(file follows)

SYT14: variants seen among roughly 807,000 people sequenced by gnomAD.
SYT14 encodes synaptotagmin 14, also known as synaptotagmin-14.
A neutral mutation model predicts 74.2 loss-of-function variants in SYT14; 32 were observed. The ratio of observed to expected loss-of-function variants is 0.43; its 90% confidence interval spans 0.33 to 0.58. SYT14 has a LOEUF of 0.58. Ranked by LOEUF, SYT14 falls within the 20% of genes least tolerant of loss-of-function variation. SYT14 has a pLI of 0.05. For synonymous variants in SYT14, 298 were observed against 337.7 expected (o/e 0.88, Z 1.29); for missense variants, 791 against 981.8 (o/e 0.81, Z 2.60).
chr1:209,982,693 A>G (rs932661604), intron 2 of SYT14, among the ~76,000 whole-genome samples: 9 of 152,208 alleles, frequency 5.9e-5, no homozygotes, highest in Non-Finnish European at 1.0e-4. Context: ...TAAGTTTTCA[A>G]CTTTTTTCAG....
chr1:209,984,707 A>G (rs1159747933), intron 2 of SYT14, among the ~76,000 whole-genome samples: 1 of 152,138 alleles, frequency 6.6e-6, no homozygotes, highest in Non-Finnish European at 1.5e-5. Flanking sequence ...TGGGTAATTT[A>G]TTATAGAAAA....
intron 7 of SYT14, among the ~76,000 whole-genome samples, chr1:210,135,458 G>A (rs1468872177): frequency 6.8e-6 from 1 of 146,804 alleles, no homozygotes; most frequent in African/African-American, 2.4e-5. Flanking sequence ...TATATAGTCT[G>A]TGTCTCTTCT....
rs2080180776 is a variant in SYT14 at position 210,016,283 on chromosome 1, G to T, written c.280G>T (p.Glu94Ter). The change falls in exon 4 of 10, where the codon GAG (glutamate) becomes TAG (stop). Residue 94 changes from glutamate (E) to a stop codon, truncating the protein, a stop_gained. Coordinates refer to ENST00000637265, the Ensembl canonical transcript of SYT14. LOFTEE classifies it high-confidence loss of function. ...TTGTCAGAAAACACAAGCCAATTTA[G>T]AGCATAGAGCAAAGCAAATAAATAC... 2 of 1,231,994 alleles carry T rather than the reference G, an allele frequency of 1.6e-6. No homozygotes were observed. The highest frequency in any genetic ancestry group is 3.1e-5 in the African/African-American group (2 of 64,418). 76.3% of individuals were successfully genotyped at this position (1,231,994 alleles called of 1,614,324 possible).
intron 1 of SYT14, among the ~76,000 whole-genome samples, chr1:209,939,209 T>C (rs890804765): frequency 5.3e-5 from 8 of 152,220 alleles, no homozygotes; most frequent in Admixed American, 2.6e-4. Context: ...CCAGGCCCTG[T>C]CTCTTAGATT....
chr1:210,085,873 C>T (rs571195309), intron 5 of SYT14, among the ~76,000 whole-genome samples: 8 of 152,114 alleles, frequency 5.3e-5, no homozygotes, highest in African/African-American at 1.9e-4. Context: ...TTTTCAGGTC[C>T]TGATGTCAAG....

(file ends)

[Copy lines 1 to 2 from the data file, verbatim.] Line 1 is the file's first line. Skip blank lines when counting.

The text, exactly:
SYT14: variants seen among roughly 807,000 people sequenced by gnomAD.
SYT14 encodes synaptotagmin 14, also known as synaptotagmin-14.